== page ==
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dc.contributor.authorWang, Xiaoyi
dc.date.accessioned2019-01-25T03:24:04Z
dc.date.available2019-01-25T03:24:04Z
dc.date.issued2018-09-29
dc.identifier.urihttp://hdl.handle.net/2123/19892
dc.description.abstractProteins are essential biomolecules that mediate a range of biological processes in humans. Many proteins contain post-translational modifications (PTMs) that are often vital to their biological activity and these modified proteins have recently attracted significant attention as promising therapeutics for the treatment of a range of diseases. Currently, most protein therapeutics are expressed as mixtures of isoforms containing different PTMs, which have a spectrum of biological activities. Understanding the importance and function of individual PTMs requires access to homogeneous protein isoforms, which can often only be achieved by chemical synthesis. Solid phase peptide synthesis (SPPS) combined with native chemical ligation (NCL)- desulfurization chemistry has led to the synthesis of a large number of protein targets with defined structure and function. In recent years, a new methodology called the diselenide-selenoester ligation (DSL) has proven to be a powerful complementary technology to NCL for the ligation of unprotected fragments to create native amide bonds. However, DSL technology, coupled with deselenization chemistry, is currently limited to ligation at alanine junctions due to a lack of availability of β-selenoamino acids other than selenocysteine (Sec, U). The overarching goal of the research described in this thesis therefore is to expand the utility of DSL through the generation of new β-selenoamino acid building blocks, and to validate their use in DSL through the construction of therapeutic protein targets. By enabling access to two extra ligation junctions (leucine and phenylalanine) for the expedient construction of complex post-translationally modified proteins by DSL-deselenization chemistry, this thesis has made important contributions to the area of protein science.en_AU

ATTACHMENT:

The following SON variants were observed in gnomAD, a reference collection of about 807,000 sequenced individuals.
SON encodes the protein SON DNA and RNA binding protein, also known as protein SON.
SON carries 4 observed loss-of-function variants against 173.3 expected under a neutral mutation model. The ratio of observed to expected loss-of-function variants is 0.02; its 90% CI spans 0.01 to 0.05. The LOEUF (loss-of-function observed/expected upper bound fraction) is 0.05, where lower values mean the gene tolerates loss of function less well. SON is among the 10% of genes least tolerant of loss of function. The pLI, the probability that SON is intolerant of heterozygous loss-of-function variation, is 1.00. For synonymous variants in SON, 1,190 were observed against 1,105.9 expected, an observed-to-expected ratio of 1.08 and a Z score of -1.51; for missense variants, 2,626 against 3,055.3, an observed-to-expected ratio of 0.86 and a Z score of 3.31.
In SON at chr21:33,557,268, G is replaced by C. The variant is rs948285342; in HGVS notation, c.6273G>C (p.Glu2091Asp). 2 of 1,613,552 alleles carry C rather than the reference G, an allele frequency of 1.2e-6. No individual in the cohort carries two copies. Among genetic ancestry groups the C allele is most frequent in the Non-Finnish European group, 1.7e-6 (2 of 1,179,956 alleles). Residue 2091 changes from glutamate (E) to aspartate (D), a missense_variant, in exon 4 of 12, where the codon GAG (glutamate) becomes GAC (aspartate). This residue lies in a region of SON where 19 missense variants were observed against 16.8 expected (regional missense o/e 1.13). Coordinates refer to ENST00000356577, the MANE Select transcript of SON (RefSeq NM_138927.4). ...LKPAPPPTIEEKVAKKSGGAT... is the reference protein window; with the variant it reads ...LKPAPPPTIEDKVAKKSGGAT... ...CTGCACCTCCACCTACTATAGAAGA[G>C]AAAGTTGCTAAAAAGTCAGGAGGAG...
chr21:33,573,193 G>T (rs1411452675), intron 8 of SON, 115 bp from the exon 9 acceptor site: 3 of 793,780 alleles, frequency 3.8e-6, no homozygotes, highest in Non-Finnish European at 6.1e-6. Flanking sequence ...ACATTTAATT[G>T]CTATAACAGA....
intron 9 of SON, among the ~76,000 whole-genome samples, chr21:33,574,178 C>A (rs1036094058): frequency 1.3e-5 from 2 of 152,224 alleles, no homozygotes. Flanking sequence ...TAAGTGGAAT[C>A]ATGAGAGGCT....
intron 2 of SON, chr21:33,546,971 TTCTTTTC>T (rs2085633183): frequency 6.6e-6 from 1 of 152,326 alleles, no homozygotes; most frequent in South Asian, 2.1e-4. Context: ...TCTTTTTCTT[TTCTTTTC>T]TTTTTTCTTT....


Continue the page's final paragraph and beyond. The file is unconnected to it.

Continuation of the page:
dc.publisherUniversity of Sydneyen_AU
dc.publisherFaculty of Scienceen_AU
dc.publisherSchool of Chemistryen_AU
dc.rightsThe author retains copyright of this thesis. It may only be used for the purposes of research and study. It must not be used for any other purposes and may not be transmitted or shared with others without prior permission.en_AU
dc.subjectpeptide ligationen_AU
dc.subject.otherincludes published articlesen_AU
dc.titleDevelopment and Application of Novel Methods for the Synthesis of Modified Proteinsen_AU
dc.typePhD Doctorateen_AU
dc.type.pubtypeDoctor of Philosophy Ph.D.en_AU
dc.description.disclaimerAccess is restricted to staff and students of the University of Sydney . UniKey credentials are required. Non university access may be obtained by visiting the University of Sydney Library.en_AU


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